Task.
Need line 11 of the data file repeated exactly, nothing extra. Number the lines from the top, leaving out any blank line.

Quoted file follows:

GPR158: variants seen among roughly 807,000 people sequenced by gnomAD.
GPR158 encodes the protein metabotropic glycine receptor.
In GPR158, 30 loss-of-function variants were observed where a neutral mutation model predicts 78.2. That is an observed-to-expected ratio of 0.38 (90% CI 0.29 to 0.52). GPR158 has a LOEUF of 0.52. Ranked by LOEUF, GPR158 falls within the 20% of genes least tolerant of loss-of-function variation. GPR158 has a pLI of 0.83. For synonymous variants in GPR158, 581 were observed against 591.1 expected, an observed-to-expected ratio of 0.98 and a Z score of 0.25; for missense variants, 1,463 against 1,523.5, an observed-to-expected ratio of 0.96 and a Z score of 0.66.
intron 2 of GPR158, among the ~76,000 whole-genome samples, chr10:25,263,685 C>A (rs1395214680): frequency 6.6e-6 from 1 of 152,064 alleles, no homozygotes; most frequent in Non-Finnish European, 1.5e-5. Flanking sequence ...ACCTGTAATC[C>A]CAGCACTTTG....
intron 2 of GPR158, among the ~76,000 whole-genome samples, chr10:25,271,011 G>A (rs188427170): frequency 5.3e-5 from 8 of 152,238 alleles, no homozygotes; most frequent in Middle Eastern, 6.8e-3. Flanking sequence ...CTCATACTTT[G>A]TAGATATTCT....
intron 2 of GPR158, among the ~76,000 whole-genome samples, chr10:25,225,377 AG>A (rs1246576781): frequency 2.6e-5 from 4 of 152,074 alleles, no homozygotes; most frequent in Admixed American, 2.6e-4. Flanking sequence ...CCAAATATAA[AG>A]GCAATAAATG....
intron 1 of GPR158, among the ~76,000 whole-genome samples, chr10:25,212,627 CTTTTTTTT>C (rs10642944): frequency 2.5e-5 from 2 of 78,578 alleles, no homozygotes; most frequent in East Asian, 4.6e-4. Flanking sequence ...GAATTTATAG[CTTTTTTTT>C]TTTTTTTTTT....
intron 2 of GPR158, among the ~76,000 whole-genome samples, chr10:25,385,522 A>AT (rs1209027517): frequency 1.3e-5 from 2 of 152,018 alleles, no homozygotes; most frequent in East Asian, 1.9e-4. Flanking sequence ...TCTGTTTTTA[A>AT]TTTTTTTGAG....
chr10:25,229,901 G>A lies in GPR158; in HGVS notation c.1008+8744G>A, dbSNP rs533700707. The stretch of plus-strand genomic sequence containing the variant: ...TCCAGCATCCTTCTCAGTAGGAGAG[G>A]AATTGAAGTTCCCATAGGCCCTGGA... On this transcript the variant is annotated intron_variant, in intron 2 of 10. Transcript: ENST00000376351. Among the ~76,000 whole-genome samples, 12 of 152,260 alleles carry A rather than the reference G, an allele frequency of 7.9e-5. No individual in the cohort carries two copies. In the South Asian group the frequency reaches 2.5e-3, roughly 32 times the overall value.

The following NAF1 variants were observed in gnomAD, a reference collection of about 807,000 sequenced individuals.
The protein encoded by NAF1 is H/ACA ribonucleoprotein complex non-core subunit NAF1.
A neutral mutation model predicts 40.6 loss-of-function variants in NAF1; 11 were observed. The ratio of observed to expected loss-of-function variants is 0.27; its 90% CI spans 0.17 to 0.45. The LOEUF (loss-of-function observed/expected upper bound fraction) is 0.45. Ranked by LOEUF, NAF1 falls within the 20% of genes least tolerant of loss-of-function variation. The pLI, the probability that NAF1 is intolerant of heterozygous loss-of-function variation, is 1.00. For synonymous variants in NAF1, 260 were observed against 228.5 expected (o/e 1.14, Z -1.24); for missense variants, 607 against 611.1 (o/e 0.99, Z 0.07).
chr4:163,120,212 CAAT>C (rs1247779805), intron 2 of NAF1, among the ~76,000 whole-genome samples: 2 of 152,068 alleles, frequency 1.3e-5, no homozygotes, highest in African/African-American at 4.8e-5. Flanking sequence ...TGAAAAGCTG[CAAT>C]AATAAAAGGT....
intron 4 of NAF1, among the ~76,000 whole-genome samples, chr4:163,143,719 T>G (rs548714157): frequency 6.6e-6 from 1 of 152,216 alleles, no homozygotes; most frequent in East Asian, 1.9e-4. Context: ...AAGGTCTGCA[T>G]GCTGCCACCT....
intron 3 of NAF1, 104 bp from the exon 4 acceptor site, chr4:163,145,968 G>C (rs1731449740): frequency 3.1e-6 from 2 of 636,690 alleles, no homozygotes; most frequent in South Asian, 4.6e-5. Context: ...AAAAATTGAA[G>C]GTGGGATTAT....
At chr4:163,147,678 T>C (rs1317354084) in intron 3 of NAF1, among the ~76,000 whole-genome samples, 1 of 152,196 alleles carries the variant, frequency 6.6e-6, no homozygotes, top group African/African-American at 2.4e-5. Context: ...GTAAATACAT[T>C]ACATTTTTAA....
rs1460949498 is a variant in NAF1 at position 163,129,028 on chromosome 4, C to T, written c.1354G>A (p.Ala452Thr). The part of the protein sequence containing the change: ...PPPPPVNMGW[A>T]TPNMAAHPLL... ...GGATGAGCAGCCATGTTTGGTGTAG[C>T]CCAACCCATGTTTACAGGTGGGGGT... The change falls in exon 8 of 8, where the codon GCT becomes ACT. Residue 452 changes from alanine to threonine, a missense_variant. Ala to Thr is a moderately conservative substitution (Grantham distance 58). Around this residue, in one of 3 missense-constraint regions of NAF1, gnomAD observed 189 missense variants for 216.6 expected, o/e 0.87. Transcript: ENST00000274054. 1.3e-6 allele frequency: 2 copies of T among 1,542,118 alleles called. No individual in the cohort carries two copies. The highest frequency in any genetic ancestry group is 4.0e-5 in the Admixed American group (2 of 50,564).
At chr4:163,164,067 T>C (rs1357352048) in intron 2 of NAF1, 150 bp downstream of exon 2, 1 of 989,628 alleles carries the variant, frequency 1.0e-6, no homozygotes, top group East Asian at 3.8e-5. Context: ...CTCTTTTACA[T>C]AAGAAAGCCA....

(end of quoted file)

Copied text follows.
The protein encoded by NAF1 is H/ACA ribonucleoprotein complex non-core subunit NAF1.